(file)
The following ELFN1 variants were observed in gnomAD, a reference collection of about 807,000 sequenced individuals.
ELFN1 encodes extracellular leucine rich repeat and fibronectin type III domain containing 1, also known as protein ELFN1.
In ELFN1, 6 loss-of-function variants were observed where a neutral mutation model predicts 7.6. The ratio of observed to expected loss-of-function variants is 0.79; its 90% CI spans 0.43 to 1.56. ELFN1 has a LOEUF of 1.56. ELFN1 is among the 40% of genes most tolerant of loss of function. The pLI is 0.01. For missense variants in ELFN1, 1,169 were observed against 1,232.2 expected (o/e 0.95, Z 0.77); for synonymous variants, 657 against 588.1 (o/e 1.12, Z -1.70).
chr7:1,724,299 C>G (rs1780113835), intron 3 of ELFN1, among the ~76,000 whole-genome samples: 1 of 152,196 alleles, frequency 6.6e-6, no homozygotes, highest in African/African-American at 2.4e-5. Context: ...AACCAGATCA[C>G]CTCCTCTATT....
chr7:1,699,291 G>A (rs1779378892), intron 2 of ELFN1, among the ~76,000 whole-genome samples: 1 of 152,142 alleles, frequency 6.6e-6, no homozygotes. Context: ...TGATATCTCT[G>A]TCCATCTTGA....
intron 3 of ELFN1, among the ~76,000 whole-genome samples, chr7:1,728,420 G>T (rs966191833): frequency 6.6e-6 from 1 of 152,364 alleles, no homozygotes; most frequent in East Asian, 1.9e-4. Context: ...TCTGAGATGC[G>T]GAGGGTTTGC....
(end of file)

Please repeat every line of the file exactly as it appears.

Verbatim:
The following ELFN1 variants were observed in gnomAD, a reference collection of about 807,000 sequenced individuals.
ELFN1 encodes extracellular leucine rich repeat and fibronectin type III domain containing 1, also known as protein ELFN1.
In ELFN1, 6 loss-of-function variants were observed where a neutral mutation model predicts 7.6. The ratio of observed to expected loss-of-function variants is 0.79; its 90% CI spans 0.43 to 1.56. ELFN1 has a LOEUF of 1.56. ELFN1 is among the 40% of genes most tolerant of loss of function. The pLI is 0.01. For missense variants in ELFN1, 1,169 were observed against 1,232.2 expected (o/e 0.95, Z 0.77); for synonymous variants, 657 against 588.1 (o/e 1.12, Z -1.70).
chr7:1,724,299 C>G (rs1780113835), intron 3 of ELFN1, among the ~76,000 whole-genome samples: 1 of 152,196 alleles, frequency 6.6e-6, no homozygotes, highest in African/African-American at 2.4e-5. Context: ...AACCAGATCA[C>G]CTCCTCTATT....
chr7:1,699,291 G>A (rs1779378892), intron 2 of ELFN1, among the ~76,000 whole-genome samples: 1 of 152,142 alleles, frequency 6.6e-6, no homozygotes. Context: ...TGATATCTCT[G>A]TCCATCTTGA....
intron 3 of ELFN1, among the ~76,000 whole-genome samples, chr7:1,728,420 G>T (rs966191833): frequency 6.6e-6 from 1 of 152,364 alleles, no homozygotes; most frequent in East Asian, 1.9e-4. Context: ...TCTGAGATGC[G>T]GAGGGTTTGC....